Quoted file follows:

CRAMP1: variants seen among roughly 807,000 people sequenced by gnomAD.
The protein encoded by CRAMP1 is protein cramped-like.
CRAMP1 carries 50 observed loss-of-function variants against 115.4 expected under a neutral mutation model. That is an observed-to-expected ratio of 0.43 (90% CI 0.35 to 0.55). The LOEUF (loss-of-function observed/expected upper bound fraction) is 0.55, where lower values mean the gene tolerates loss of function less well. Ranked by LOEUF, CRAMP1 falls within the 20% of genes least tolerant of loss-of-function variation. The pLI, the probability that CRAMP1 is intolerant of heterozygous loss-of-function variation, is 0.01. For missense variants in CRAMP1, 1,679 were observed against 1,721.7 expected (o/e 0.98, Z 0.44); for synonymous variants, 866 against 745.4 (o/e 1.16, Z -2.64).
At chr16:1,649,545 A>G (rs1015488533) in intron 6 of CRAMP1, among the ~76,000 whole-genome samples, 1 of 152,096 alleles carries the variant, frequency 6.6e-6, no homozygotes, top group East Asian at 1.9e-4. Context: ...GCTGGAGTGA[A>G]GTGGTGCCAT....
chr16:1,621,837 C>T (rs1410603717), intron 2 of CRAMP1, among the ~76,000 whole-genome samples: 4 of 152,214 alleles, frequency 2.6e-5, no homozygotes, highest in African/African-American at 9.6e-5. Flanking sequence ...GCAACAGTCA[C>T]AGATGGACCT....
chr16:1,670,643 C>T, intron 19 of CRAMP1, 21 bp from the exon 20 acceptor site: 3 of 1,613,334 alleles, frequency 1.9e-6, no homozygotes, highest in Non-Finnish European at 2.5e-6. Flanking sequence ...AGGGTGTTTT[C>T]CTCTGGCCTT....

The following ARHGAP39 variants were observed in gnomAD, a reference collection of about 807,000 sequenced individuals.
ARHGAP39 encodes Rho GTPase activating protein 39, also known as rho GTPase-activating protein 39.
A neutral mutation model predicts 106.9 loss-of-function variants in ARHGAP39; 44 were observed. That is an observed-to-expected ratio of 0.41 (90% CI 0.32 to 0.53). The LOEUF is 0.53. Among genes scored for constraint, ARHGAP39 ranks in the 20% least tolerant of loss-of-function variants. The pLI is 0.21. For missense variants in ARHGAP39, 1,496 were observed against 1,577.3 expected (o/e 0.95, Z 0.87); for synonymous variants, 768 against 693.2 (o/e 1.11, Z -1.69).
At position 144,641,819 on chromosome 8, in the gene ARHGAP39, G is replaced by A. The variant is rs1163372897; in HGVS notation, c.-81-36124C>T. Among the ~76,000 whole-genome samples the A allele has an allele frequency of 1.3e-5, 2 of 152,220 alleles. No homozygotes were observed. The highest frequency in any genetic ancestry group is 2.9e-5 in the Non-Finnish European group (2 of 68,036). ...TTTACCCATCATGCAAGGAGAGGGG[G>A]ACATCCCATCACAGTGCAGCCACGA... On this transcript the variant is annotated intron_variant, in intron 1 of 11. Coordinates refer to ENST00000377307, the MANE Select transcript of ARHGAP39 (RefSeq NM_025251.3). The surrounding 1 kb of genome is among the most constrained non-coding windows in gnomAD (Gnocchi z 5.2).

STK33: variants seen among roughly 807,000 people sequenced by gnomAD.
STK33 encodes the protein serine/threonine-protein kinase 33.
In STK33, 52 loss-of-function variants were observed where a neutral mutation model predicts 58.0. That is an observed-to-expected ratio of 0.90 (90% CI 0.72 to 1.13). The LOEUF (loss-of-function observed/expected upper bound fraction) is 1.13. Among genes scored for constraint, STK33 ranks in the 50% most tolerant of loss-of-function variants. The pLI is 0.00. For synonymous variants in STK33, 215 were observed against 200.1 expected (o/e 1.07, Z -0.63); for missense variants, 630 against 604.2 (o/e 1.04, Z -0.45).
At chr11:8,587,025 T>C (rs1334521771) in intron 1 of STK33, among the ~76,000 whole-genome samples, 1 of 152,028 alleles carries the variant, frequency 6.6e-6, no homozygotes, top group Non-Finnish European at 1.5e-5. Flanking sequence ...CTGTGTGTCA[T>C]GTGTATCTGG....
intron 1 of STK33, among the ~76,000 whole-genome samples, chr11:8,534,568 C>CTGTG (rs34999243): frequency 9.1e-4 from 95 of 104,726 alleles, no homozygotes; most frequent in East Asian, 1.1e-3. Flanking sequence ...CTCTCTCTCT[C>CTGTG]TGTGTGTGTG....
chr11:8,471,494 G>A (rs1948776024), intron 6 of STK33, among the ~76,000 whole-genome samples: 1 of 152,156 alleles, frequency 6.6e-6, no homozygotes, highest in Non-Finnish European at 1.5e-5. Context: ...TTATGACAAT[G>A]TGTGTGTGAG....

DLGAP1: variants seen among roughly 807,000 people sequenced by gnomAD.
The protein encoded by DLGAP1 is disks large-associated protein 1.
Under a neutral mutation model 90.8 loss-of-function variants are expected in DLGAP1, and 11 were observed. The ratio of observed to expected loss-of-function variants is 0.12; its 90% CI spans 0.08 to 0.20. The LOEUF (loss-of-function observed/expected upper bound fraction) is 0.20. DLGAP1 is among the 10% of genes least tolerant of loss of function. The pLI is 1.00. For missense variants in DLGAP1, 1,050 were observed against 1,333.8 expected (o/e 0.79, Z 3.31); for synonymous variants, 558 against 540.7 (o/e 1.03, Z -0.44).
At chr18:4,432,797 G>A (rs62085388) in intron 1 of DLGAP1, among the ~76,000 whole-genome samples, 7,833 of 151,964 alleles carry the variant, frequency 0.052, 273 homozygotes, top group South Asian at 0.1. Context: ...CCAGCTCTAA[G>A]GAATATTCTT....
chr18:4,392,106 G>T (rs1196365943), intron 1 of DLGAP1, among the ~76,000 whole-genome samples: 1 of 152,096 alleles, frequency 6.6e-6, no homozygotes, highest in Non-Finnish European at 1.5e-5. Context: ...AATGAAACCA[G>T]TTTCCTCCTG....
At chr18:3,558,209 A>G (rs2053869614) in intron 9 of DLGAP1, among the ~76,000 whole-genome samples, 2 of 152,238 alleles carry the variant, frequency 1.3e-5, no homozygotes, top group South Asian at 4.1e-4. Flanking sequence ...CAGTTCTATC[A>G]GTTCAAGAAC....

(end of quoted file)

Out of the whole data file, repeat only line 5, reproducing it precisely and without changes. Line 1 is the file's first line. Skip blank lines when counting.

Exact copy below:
chr16:1,621,837 C>T (rs1410603717), intron 2 of CRAMP1, among the ~76,000 whole-genome samples: 4 of 152,214 alleles, frequency 2.6e-5, no homozygotes, highest in African/African-American at 9.6e-5. Flanking sequence ...GCAACAGTCA[C>T]AGATGGACCT....